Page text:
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By 2015, Windows Phone will lead iOS — Gartner, IDC

I don’t agree with all the text in this piece from TechCrunch — not least because of the focus on HTC and hardly any mention of Nokia. HTC is a relative minnow compared to what Nokia could *possibly* do with Windows Phone. This, after all, is a company that’s consistently proved that it has the logistical capabilities to knock out a million or so phones a day.

Anyway. Set this aside.

Your eyes do not deceive you.

TechCrunch is saying nice thinks about Nokia.

Ok.

Well, they’re not precisely doing that. They’re reporting news that will have the iOS fanbois spitting out their cornflakes tomorrow morning: Windows Phone will overtake iOS by 2015?

You what? 😉

That’s apparently what IDC and Gartner reckon:

Based on its history, you probably wouldn’t expect to see Windows Phone take off like a rocket. But apparently that’s what it’s going to do. Research out of Gartner and IDC says that Mango may grab a whopping 20 percent of the market by 2015, with the help of hardware partners like HTC and a little extra effort in the marketing department.

via Gartner, IDC: Windows Phone To Steal Second Place From iOS By 2015 | TechCrunch.

This is what I’ve been banging on about in the context of Apple. I’ve been consistently pointing out that Apple is going to have to go on the offensive soon.

For some reason, most of the folk I speak to seem to think that for Apple, the next decade is steady-as-she-goes, that it’s all pre-written. iPhone 5 this year, iPhone 6 next year, iPhone 7 the year after — and at this point, the whole planet will be using iPhones.

This is the received wisdom. Oh, yeah, maybe there will be some Android users too — and one or two small platforms still limping along.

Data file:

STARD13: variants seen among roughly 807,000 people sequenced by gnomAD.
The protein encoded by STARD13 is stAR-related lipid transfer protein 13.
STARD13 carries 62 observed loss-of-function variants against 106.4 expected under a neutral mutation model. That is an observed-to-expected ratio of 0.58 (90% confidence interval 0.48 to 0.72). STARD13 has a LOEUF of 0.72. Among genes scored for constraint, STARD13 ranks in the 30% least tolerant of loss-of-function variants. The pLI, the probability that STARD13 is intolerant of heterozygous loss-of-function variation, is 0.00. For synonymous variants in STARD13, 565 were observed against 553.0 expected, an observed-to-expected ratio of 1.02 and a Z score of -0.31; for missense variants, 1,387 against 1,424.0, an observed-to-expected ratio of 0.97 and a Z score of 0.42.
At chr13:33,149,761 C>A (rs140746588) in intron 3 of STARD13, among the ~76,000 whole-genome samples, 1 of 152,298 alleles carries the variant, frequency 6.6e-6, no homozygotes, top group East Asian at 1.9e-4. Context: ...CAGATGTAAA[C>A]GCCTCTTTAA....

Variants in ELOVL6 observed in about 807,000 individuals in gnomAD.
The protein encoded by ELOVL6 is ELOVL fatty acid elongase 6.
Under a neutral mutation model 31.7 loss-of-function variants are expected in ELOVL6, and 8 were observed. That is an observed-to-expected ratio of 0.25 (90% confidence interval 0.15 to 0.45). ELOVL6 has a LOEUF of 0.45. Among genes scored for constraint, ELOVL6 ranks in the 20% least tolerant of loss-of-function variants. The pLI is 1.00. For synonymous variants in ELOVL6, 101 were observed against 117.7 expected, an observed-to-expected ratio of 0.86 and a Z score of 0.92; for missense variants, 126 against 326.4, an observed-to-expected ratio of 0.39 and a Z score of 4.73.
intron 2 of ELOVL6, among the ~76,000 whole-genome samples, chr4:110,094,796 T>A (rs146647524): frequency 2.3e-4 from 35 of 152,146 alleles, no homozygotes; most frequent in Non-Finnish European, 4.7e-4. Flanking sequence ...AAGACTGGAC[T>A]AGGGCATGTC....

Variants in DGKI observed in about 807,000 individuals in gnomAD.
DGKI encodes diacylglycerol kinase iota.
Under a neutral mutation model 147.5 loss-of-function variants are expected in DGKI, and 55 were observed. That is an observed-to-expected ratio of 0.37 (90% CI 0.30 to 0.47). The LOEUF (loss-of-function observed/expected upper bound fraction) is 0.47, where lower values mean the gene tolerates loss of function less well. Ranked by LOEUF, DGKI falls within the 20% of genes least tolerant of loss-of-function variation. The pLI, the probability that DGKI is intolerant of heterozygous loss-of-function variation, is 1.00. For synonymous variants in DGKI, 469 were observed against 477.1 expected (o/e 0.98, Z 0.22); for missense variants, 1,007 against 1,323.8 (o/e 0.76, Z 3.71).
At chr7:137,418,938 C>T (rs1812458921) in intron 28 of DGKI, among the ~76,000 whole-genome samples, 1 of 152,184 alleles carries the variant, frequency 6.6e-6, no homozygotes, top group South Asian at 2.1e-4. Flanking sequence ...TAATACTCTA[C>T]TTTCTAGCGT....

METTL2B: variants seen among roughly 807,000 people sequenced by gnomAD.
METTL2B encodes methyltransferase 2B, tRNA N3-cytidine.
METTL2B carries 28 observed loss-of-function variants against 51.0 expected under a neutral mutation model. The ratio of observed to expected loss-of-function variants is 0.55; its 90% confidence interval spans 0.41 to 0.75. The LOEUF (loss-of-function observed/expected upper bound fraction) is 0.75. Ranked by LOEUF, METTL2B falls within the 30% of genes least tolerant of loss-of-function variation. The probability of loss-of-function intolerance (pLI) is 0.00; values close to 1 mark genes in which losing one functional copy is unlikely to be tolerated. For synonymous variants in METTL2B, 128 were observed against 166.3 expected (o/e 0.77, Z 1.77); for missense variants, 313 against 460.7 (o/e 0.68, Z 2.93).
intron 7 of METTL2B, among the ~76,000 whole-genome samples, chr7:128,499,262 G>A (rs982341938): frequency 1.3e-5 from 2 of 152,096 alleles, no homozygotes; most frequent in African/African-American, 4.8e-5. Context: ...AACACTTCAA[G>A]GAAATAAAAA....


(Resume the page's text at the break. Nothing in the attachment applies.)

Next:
This post is a neat little wake up call to those who have been drinking a little too much koolaid — for whatever reason.

Apple has already been taking a battering (as we say in Scotland) from those deeply, deeply unimpressed at the fact the company is being nailed by Android.

Of course there’s a pricing issue. Apple can’t touch the wider markets with it’s products. The wider markets simply can’t afford them. There’s nothing you can do to fit a $500 value handset into the hands of someone who can ONLY afford $55.

A $55 Android handset, on the other hand? Definitely. A $55 Windows Phone? Well, that’s perhaps a bit of a stretch but eminently possible within a few product cycles.

I’m looking forward to seeing Apple’s response in this area. Will the company simply stick to doing what it’s comfortable with (i.e. highly profitable niche player?) or will they reach way beyond this?

With $80 billion in cash right now — and goodness knows how much by the end of the next 2 quarters — those investors are going to continue to get mighty demanding. The profits are going to have to keep coming. And if Windows Phone starts to make a dent — alongside Android — I’m excited to see what defensive and offensive strategies Apple will adopt.

3 COMMENTS

  1. Gartner has always loved Microsoft so perhaps take this with a pinch of salt? 😉 
    On the other hand, Apple need stronger competition, the market needs competition!

  2. The Apple boundary is that limit when crossed without any patent battles, that technology will be a milestone and that is when a company be a competitor if not be leading Apple. The Google being a stiff competitor, has invested in the Motorola Mobility merger for a better product outcome. Such investments is not possible with the other smaller companies. Thus, the only way to invent an innovation is through not have any patent theft from apple and being original and own.
     

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